10 Years Ago: Bruce Springsteen Speaks Out Against Iraq War
When Bruce Springsteen is on tour, whether solo or with the E Street Band, his concert setlists sometimes become a commentary on what is going on in the world.
After Johnny Cash died in the fall of 2003, the Boss opened his next two shows with an acoustic version of âWalk the Line.â When the Trayvon Martin case became headline news last year, Springsteen and the E Streeters played âAmerican Skin (41 Shots)â in the young manâs honor. And when the United States invaded Iraq on March 20, 2003, Bruce had plenty to say with his choice of songs.
In the run-up to the war, Springsteen had been vocal about his stance against it. When introducing âBorn in the U.S.A.,â he would say that he had written that song about the Vietnam War and hoped he wouldnât have to write a similar song soon. He even revived his hit cover version of Edwin Starrâs âWar,â specifically for a March 2 show in Austin, Texas â then-President George W. Bushâs former hometown.
The day of the U.S. invasion of Iraq also happened to be the first date of Bruce and the E Street Bandâs Australian leg of ‘The Rising’ Tour. So, it was from the Telstra Dome in Melbourne, Australia that Springsteen made his political stance clear. He opened with a somber, acoustic rendition of âBorn in the U.S.A.,â instead of the anthemic full-band version heard elsewhere on the tour. He then launched straight into a full-band attack for âWar,â with its impassioned line: âWhat is it good for? Absolutely nothinâ.â Springsteen would continue to open his shows this way for the subsequent Australian dates.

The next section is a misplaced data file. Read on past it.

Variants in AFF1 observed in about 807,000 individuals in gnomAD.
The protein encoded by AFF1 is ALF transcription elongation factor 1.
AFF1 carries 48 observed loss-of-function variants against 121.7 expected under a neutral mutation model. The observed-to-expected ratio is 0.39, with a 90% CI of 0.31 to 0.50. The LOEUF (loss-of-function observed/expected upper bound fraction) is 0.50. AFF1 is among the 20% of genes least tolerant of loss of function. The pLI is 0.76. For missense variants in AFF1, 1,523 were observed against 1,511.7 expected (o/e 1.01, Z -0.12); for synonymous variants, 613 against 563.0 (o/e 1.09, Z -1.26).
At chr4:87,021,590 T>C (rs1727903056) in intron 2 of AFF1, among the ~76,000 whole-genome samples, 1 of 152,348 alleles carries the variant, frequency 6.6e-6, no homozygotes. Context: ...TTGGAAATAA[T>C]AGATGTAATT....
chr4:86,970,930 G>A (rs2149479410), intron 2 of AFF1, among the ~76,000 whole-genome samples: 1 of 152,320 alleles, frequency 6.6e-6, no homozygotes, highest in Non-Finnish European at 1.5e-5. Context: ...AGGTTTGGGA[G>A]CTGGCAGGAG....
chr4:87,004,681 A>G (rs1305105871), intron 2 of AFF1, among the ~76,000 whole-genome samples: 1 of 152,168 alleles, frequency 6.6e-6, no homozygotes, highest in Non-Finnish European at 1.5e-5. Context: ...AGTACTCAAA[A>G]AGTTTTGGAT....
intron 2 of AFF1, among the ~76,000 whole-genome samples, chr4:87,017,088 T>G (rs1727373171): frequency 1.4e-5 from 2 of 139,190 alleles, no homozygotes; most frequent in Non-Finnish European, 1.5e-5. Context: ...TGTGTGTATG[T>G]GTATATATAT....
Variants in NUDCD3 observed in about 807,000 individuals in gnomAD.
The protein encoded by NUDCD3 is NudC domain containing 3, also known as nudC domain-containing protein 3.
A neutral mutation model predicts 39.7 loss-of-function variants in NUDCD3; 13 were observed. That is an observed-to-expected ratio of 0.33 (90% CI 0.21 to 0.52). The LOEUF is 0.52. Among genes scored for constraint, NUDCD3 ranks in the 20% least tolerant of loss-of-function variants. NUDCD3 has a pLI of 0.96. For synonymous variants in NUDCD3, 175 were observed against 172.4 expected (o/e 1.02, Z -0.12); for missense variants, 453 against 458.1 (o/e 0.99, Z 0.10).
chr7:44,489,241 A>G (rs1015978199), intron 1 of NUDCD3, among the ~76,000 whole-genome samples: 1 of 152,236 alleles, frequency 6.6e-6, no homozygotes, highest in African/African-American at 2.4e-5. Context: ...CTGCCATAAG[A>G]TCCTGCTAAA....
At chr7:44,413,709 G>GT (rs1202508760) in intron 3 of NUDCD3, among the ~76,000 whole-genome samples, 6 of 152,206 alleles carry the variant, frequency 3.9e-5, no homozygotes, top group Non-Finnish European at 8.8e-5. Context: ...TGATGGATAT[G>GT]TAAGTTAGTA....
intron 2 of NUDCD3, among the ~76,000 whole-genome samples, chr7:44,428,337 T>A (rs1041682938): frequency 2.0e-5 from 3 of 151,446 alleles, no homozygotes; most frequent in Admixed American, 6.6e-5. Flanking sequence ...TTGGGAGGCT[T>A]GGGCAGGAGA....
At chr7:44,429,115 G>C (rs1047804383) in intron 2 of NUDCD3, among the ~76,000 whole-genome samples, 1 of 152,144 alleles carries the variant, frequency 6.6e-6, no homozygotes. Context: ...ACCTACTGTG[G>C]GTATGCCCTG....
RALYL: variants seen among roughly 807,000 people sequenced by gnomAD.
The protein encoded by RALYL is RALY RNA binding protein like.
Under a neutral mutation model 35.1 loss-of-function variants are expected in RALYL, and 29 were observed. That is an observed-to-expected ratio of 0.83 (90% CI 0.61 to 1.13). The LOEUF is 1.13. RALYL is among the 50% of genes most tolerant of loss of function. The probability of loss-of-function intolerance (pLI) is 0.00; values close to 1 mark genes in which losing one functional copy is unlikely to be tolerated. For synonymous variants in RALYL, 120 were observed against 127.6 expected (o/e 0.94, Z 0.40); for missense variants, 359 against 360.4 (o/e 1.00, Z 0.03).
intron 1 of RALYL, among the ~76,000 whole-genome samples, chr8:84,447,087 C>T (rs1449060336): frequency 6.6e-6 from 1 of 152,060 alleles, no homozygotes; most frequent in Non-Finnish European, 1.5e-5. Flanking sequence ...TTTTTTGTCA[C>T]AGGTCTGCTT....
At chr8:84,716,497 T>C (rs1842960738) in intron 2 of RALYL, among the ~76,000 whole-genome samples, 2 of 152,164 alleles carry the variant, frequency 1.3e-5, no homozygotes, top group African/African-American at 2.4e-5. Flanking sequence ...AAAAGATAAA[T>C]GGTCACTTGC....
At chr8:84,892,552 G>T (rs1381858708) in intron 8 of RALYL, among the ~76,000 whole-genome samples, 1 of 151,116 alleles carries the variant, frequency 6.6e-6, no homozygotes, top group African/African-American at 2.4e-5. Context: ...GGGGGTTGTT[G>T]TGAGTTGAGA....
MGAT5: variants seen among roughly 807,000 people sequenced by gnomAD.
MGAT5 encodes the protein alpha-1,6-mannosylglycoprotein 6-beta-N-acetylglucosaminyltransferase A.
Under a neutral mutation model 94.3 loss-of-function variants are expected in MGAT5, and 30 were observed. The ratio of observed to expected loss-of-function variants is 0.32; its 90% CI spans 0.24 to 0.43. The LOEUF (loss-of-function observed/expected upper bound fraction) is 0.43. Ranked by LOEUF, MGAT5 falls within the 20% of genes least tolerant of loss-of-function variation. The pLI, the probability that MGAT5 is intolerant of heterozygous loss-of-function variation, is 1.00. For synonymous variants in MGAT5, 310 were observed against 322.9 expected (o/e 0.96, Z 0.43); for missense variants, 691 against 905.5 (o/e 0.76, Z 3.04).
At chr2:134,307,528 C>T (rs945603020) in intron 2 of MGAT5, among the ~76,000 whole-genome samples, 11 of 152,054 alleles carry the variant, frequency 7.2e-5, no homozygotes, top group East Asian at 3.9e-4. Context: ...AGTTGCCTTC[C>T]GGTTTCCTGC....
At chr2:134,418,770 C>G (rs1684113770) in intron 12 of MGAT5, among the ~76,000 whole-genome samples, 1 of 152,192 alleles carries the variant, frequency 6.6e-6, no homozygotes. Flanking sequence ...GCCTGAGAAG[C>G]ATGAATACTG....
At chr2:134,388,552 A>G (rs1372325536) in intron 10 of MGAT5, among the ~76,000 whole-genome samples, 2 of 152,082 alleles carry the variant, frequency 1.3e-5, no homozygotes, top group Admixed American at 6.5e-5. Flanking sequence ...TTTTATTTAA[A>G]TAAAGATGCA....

Later on in the show, before playing âLand of Hope and Dreamsâ during the second encore, Bruce dedicated the song to âAmerican and Australian sons and daughtersâ¦ and innocent Iraqi civilians.â
The U.S./Iraq War would have a profound effect on Springsteenâs concerts and songs. In the 2004 U.S. presidential election, Bruce campaigned against George W. Bush and played a major role in the Vote for Change tour. His next two albums would feature songs about characters dealing with the Iraq War and its consequences, including âDevils & Dust,â âLast to Dieâ and âGypsy Biker.â
Listen to Bruce Springsteen Perform ‘War’ on March 20, 2003